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Explained: Why India Is Facing An Energy Crisis Right Now
12 October 2021 IST
Explained: Why India Is Facing An Energy Crisis Right Now

The energy crisis in Europe and particularly in the UK - after the shortage of truck drivers, who ferry fuel to pumps, due to Brexit and COVID-19 induced pandemic - is now spilling over to the rest of the world. 

 
 

The latest country facing the energy crunch is India with authorities warning that the country’s power plants are running hazardously low on coal in the wake of a sharp surge in energy demands soon after the economy recovers from pandemic blows.
 
 
According to the Union Power Minister Raj Kumar Singh, India had an average of four days’ worth of coal left at the end of September - the lowest in years, down from 13 days at the beginning of August.
 
Since coal meets around 70% of energy demands of India with a 57% share of its energy mix, the Power Minister, in a latest interview, has warned that the bridging of the fuel gap is still likely to be a “touch and go” affair and that the nation could be handling a supply squeeze for as long as six months.
 
How did we get here? 
 
India's growing energy crisis has some similarities to China's shortages, where rising demand from factories faced supply constraints due to high coal prices. In India, too, a sharp uptick in power demand post-pandemic coupled with power plants not anticipating the surge and hence leading to supply issues have resulted in the current coal shortage. 
 
 
Further, an international increase in coal prices have India's power generators having cut back on importing coal in recent months along with the monsoon rains which alike every year flooded the mines and key transport routes ultimately affecting the domestic production of coal. 
 
India's reliance on coal
 
Despite India being on track to exceed its target of delivering 450GW of renewable energy by the end of the decade, it still continues to expand its coal capacity. India currently has 233 GW of coal plants in operation and a further 34.4 GW under construction. This is not it. Prime minister Narendra Modi has further plans to ramp up domestic coal production to one billion tonnes per year as part of his self-reliant India policy which is evidently seen as a serious threat to the lives and livelihoods of indigenous communities.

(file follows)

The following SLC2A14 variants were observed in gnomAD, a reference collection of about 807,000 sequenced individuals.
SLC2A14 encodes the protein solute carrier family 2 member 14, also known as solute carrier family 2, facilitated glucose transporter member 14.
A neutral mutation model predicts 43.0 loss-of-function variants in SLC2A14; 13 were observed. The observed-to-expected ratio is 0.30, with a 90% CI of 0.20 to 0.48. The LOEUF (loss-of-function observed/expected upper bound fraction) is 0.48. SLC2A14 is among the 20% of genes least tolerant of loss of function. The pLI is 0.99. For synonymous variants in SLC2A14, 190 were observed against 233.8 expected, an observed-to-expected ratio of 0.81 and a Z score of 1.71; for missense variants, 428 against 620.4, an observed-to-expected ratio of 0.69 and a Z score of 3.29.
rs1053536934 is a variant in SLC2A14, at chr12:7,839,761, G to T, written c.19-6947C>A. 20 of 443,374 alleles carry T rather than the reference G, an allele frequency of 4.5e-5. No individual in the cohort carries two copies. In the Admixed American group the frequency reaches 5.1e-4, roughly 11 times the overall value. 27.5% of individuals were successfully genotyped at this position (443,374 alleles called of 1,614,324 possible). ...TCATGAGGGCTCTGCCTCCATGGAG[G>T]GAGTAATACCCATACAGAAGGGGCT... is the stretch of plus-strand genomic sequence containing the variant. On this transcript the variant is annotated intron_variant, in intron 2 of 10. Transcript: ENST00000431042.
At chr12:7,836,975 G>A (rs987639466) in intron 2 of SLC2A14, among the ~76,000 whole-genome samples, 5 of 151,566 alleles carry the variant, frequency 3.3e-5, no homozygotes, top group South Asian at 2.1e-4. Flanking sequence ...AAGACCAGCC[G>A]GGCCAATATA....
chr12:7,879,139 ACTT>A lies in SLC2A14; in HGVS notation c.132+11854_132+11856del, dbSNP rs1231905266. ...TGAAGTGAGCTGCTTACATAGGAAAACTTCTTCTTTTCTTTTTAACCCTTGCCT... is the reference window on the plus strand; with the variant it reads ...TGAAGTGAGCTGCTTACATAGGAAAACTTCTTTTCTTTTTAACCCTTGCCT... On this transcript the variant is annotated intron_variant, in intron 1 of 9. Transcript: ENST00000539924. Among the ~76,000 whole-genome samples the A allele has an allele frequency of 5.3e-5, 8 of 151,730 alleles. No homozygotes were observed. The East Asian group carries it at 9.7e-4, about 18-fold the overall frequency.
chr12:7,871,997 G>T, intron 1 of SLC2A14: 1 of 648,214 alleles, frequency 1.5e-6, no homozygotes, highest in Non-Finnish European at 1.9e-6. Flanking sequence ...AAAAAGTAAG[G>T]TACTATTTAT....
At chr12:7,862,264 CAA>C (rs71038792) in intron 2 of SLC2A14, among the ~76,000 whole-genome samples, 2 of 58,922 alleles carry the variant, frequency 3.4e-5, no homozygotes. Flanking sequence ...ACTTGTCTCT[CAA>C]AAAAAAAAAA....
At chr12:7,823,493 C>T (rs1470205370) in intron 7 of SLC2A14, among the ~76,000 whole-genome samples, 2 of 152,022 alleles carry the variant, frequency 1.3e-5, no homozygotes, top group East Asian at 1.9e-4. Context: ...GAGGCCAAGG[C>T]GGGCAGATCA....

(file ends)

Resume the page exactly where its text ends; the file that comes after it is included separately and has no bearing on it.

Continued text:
Earlier this year, the International Energy Agency had also warned that Modi’s coal expansion plans are “difficult to reconcile with India’s evolving energy needs and environmental priorities.” 

 
 

There are reasonable apprehensions that India is most likely to increase its domestic coal production over the next few months to make up for the shortfall. 
 
Clearly the current crisis, along with falling support from investors to finance new coal-fired plants, raise serious questions about the government’s plans to expand coal production and might not go well with coming Cop26 climate talks which are scheduled to happen next month where India is expected to submit an improved 2030 climate plan to the UN.
 
 
However, this reliance on coal is not seen as changing anytime soon. By 2040, coal is still expected to cover 42% of India’s new demand for energy.
 
What happens next?  
 
As of now there have not been any large-scale power outages in India yet, as per the data provided by grid regulator Power System Operation Corporation. However, small shortages have so far been mostly restricted to northern states such as Uttar Pradesh, Jammu & Kashmir, and Ladakh.
 
 
With the energy supplies most likely to remain constrained for a while as it will take time for producers to boost their output in response to higher prices much depends on the government's response to the crisis. 
 
Apart from it, as India will move from summer to winter, demand for electricity from private households is also likely to fall in contrast to China, where extremely cold winters heat up the demand for electricity. Experts believe that the next six months will be particularly important for India's energy industry and the government will closely monitor developments in domestic production and prices.

 
 
 
 
 

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Shibu Chandran
2 hours ago

Serving political interests in another person's illness is the lowest form of human value. A 70+ y old lady has cancer.

November 28, 2016 05:00 IST
Shibu Chandran
2 hours ago

Serving political interests in another person's illness is the lowest form of human value. A 70+ y old lady has cancer.

November 28, 2016 05:00 IST
Shibu Chandran
2 hours ago

Serving political interests in another person's illness is the lowest form of human value. A 70+ y old lady has cancer.

November 28, 2016 05:00 IST
Shibu Chandran
2 hours ago

Serving political interests in another person's illness is the lowest form of human value. A 70+ y old lady has cancer.

November 28, 2016 05:00 IST


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